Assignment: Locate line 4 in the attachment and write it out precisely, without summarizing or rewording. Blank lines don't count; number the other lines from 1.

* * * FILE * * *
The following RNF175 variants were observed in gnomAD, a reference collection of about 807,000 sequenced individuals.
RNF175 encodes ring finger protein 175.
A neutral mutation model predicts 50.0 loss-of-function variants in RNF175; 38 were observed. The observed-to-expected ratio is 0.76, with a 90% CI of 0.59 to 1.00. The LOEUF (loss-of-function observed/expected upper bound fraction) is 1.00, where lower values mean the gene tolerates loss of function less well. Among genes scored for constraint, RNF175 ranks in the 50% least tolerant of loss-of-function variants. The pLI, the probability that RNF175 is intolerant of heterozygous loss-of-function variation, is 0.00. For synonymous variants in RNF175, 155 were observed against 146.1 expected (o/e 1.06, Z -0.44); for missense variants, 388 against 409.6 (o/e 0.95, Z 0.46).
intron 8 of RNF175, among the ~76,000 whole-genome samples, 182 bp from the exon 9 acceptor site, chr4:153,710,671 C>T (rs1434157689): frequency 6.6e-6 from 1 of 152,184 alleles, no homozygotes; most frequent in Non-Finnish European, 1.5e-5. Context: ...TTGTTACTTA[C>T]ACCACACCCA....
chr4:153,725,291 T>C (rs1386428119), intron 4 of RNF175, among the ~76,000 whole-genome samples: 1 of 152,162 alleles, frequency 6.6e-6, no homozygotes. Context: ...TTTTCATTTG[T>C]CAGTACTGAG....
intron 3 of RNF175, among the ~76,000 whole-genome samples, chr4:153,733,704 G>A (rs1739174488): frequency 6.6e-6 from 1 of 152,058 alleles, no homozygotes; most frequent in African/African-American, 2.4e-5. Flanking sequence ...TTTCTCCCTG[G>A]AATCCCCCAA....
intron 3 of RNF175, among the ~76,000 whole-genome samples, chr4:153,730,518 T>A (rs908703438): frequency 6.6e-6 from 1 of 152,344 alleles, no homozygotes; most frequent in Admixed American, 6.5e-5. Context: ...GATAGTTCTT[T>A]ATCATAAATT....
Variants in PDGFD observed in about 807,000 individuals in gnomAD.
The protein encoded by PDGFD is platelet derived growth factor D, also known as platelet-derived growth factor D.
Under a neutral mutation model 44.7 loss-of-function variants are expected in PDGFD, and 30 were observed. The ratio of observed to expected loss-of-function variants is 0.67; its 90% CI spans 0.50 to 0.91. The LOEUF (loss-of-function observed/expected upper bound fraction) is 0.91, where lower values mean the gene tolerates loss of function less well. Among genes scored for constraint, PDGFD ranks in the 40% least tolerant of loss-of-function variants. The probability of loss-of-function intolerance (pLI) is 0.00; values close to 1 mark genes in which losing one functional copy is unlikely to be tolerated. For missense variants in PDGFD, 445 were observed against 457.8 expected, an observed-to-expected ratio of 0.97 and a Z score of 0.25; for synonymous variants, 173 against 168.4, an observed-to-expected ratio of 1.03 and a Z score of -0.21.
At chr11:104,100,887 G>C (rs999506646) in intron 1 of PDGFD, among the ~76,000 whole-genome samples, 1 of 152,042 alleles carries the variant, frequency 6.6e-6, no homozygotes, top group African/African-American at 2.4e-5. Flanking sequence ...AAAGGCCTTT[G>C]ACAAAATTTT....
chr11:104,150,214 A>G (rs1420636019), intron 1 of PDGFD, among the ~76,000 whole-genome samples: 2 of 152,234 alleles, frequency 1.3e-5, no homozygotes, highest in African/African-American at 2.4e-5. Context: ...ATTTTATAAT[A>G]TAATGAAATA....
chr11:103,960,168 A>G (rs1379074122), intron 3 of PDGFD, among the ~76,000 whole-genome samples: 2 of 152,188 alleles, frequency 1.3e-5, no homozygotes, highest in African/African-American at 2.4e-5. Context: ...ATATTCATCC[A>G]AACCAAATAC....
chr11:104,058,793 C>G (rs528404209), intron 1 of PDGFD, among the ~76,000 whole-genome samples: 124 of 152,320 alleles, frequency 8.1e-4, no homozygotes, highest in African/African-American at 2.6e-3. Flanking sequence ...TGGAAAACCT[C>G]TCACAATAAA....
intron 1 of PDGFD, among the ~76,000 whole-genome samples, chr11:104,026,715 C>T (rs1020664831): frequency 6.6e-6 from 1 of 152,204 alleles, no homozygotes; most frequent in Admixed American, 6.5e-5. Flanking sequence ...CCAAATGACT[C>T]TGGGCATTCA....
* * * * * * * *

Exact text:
intron 8 of RNF175, among the ~76,000 whole-genome samples, 182 bp from the exon 9 acceptor site, chr4:153,710,671 C>T (rs1434157689): frequency 6.6e-6 from 1 of 152,184 alleles, no homozygotes; most frequent in Non-Finnish European, 1.5e-5. Context: ...TTGTTACTTA[C>T]ACCACACCCA....